Cafe.com, a social network for game playing, has opened its previously invite-only platform to all developers.
While most of the attention in the social games space is focused on bringing games to existing social networks (mainly Facebook), Cafe.com is going the opposite way by creating a social network entirely dedicated to playing free online games. The company is now competing for developer attention with the big social networks like Facebook and MySpace, but unlike these platforms, Cafe.com supports multiplayer gaming. This may turn out to be its ace-in-the-hole. Neither Facebook nor MySpace have multiplayer game support and, as a result, real-time games have failed to take hold on those sites.
But Cafe.com is not the only company attempting to be a social network built around online games. Kongregate, a popular flash game portal, has many social elements (and $8 million dollars in investment from Greylock Partners and Bezos Expeditions). Big Fish Games, a casual gaming site that also incorporates many social networking features, recently raised $83 million.
To further attract game developers to its Open Bar development platform, Cafe.com claims to provide “write once, play anywhere” capability. Games developed for Cafe.com, in other words, can be launched on other social networking platforms without additional coding. A similar claim is being made by J2play, a Canadian company that recently won a grant from fbFund, a fund setup by Facebook to encourage innovative apps. Cafe.com has 25 development studios enrolled in its Open Bar program.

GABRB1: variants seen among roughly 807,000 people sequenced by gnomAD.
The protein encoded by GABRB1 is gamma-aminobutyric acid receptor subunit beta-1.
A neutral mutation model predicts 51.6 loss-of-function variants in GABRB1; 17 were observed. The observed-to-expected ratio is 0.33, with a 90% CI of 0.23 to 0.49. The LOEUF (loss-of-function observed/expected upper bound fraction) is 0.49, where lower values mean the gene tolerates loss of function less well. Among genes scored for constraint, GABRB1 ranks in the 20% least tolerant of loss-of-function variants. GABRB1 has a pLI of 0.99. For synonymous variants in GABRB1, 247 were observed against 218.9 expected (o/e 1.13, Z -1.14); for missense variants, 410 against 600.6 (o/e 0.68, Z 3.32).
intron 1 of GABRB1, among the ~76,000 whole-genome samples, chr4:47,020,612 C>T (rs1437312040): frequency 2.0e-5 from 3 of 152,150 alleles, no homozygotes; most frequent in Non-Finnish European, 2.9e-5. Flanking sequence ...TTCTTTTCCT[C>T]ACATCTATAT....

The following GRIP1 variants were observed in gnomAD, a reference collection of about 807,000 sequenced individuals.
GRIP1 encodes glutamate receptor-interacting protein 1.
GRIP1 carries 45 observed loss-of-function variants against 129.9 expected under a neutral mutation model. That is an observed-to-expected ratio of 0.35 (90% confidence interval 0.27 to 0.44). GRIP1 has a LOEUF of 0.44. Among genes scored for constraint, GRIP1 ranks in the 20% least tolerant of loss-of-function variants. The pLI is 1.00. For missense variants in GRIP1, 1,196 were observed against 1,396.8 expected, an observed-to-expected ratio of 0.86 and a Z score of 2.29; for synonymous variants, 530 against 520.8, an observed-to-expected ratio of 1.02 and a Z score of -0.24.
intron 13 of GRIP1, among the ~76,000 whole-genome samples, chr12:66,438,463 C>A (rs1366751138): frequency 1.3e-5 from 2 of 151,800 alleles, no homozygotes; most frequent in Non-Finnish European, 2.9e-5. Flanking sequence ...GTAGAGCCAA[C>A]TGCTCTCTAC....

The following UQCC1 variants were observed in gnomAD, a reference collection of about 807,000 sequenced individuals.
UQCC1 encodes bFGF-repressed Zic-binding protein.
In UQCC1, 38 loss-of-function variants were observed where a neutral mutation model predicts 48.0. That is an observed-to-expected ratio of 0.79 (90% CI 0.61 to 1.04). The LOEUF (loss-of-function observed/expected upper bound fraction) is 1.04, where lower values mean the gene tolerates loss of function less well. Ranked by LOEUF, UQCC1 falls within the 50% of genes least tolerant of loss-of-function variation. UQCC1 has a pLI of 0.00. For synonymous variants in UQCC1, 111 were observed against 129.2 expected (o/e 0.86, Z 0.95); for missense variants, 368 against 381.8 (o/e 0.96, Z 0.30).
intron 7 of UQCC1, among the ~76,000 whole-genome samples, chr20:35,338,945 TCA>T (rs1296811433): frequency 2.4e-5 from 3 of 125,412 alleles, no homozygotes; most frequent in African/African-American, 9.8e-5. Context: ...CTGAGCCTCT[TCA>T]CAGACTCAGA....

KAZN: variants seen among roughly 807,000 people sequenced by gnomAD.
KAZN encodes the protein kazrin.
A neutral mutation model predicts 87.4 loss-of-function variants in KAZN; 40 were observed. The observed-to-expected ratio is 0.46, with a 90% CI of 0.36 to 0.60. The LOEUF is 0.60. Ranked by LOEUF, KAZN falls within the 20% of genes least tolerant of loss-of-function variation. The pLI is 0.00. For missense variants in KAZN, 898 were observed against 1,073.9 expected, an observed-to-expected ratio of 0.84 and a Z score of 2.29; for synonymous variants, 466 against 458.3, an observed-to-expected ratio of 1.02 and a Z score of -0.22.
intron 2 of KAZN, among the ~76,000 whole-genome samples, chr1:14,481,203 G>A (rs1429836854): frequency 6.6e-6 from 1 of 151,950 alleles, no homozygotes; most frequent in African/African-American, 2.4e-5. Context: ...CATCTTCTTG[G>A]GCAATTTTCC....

Roman Nouzareth, CEO of Cafe.com’s parent company, Boonty, says that while most of his competitors focus on providing simple things like leaderboards, the Open Bar platform provides access to a full range of multiplayer game development tools. These include avatars, virtual items, achievement badges and presence management, which lets players know when others are available to play.
Nouzareth won’t disclose Cafe.com’s user numbers, but says they are greater than the 50,000 visitors reported by Compete. When I went to the site, it had about 1,820 users playing. Nouzareth does say that 82 percent of the site’s visitors are women, that the age range is 25 to 45 and that 52 percent are playing multiplayer games.
Looking at Google Trends, it appears that Cafe.com’s largest audience is in Asia, specifically the Philippines, which explains why its most popular game is Temple of Mahjong: Mahjong is to middle-aged Filipino woman what Texas Holdem Poker is to American frat boys.
Author Bret Terrill covers the social gaming space daily on his blog Bret On Social Games
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